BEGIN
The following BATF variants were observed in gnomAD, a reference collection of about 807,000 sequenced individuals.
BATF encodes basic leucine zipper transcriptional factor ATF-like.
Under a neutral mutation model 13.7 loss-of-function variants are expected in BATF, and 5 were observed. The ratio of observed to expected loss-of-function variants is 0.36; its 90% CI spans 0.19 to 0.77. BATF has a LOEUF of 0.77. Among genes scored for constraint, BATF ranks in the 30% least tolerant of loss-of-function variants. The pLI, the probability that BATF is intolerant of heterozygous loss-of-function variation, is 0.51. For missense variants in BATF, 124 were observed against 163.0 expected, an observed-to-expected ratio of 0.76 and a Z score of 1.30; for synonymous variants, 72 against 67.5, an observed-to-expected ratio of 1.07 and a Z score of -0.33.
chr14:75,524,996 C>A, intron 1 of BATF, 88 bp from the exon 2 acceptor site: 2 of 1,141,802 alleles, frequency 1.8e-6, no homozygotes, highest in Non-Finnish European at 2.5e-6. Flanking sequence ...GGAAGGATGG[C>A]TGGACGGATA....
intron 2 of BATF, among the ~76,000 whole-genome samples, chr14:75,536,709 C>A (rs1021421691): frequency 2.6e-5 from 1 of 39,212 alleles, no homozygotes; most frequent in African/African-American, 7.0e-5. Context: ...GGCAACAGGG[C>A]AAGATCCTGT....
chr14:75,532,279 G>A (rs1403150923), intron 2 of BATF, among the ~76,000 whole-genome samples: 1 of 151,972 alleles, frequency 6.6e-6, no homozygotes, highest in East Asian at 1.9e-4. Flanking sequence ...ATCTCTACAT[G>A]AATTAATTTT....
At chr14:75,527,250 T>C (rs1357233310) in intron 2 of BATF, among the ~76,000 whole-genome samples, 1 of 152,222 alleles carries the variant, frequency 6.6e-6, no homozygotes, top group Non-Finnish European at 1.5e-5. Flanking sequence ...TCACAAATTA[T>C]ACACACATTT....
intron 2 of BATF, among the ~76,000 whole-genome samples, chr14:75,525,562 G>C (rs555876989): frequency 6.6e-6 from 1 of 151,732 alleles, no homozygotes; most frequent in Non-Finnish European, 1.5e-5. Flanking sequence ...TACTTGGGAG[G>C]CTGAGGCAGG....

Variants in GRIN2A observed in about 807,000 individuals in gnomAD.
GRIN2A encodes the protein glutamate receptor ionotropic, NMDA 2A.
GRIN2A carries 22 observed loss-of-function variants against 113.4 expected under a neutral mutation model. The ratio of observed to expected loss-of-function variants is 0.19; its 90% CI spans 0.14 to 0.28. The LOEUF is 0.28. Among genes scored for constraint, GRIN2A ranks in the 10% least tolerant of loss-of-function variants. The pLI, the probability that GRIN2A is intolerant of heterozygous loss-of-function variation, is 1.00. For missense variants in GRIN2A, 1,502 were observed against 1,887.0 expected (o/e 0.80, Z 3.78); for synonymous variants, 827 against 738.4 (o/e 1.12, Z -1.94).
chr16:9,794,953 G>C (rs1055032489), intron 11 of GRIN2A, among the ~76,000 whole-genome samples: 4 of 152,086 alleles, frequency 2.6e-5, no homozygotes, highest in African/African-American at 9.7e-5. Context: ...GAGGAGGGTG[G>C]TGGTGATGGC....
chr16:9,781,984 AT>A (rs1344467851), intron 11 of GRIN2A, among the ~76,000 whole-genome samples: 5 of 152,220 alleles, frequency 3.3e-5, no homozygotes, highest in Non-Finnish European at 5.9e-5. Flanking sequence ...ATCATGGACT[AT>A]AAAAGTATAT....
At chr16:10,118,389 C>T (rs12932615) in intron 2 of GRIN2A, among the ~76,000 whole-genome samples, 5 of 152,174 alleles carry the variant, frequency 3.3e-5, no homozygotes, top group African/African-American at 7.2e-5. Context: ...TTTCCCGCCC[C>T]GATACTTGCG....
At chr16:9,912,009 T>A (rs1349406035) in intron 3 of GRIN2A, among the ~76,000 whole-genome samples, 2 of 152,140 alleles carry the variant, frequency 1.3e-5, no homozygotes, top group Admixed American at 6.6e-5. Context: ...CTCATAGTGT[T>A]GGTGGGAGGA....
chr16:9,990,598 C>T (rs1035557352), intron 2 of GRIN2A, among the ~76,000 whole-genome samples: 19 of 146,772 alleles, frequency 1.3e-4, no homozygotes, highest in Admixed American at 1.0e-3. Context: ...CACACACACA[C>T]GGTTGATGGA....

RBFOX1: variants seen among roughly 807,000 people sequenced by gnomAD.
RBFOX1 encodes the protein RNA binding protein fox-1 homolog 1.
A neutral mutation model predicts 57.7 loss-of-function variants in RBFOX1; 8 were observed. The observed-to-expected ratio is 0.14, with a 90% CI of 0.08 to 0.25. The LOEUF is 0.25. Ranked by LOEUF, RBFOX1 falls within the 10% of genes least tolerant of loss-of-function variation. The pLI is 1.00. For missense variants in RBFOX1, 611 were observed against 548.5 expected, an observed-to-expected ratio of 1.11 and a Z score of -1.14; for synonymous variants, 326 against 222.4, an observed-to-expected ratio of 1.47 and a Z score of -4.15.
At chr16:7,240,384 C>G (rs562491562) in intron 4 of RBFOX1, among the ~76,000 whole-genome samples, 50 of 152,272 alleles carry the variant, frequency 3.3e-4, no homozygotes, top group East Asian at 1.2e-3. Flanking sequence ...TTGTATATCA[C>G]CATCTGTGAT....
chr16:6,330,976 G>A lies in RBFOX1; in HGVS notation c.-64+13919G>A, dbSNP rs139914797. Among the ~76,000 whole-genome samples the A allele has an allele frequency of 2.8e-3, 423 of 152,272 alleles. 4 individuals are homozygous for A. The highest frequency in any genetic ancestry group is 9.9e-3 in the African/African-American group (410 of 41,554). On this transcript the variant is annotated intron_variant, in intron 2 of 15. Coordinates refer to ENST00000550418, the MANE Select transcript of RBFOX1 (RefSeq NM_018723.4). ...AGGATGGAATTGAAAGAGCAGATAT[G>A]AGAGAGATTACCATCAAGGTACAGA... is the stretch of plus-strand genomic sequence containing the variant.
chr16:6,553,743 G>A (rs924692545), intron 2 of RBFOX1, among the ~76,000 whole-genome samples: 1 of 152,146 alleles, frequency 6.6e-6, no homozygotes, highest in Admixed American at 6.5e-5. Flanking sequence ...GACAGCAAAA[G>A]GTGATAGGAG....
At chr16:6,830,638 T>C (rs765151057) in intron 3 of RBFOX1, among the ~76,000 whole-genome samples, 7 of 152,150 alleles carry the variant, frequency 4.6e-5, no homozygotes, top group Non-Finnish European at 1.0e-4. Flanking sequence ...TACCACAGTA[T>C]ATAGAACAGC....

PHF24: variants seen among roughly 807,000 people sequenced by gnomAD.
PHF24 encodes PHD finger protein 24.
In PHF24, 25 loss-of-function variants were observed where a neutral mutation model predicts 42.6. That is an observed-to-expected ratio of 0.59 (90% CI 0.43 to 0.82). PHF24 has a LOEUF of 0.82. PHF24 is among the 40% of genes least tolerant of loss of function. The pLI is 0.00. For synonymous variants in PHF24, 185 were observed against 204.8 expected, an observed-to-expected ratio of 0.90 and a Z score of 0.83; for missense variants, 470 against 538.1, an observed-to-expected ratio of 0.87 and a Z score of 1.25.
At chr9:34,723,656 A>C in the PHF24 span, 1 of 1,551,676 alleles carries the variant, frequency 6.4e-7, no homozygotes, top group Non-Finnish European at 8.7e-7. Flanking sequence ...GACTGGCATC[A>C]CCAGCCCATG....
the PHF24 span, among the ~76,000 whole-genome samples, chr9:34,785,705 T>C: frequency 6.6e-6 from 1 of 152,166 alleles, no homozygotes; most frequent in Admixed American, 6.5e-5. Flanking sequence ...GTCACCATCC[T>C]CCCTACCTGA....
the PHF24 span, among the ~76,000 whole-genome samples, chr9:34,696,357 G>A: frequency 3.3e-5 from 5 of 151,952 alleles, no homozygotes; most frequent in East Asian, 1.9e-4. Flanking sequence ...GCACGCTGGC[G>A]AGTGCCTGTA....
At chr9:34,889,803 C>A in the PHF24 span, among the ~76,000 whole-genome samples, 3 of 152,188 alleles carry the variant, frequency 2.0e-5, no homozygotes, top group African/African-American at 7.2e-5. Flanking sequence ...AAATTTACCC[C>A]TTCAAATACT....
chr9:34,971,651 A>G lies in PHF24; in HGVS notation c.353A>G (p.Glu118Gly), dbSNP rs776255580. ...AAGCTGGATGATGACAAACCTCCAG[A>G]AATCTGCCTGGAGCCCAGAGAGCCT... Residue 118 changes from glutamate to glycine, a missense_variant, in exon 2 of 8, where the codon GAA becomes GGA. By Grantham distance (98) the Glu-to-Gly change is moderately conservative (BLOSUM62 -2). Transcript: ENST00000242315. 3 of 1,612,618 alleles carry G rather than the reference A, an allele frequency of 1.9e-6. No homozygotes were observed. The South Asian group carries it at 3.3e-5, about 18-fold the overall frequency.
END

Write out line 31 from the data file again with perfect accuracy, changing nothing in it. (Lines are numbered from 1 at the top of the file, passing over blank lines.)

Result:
chr9:34,971,651 A>G lies in PHF24; in HGVS notation c.353A>G (p.Glu118Gly), dbSNP rs776255580. ...AAGCTGGATGATGACAAACCTCCAG[A>G]AATCTGCCTGGAGCCCAGAGAGCCT... Residue 118 changes from glutamate to glycine, a missense_variant, in exon 2 of 8, where the codon GAA becomes GGA. By Grantham distance (98) the Glu-to-Gly change is moderately conservative (BLOSUM62 -2). Transcript: ENST00000242315. 3 of 1,612,618 alleles carry G rather than the reference A, an allele frequency of 1.9e-6. No homozygotes were observed. The South Asian group carries it at 3.3e-5, about 18-fold the overall frequency.